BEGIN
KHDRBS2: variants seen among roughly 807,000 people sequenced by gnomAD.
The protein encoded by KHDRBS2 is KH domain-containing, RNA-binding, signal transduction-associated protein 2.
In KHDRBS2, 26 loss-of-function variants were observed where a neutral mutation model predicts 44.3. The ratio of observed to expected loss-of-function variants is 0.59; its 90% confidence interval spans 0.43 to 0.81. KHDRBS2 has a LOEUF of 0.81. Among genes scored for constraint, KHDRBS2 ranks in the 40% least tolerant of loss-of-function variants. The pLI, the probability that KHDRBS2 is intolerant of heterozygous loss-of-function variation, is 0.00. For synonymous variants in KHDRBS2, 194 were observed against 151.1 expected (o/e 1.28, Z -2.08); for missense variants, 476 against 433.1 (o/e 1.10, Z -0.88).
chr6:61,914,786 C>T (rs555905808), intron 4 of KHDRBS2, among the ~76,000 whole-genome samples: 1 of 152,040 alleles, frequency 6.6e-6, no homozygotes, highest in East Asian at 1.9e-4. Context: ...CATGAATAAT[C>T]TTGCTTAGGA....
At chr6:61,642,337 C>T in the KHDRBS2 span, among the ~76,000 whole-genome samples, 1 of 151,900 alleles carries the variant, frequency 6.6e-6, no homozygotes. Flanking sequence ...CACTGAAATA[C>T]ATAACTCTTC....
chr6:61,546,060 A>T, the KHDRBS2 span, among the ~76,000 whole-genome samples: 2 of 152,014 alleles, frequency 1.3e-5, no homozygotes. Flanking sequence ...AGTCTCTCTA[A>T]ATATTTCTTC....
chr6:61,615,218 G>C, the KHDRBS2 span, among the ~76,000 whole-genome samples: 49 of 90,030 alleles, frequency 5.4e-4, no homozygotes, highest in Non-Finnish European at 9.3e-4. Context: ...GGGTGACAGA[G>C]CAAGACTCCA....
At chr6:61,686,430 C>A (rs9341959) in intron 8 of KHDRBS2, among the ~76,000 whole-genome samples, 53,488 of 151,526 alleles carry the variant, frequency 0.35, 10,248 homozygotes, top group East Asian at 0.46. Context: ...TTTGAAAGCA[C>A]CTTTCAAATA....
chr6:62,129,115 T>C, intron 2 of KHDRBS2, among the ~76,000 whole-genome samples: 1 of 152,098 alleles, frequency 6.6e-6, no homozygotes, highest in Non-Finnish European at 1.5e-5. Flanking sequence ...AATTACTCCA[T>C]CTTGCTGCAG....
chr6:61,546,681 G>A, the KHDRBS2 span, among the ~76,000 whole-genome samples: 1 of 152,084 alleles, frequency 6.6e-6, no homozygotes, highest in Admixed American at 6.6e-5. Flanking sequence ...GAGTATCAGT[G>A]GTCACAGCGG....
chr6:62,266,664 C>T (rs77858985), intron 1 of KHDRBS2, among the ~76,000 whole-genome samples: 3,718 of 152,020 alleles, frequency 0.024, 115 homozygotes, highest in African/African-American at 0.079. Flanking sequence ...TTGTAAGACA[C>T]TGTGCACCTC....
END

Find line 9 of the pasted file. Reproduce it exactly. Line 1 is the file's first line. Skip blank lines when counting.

chr6:62,129,115 T>C, intron 2 of KHDRBS2, among the ~76,000 whole-genome samples: 1 of 152,098 alleles, frequency 6.6e-6, no homozygotes, highest in Non-Finnish European at 1.5e-5. Flanking sequence ...AATTACTCCA[T>C]CTTGCTGCAG....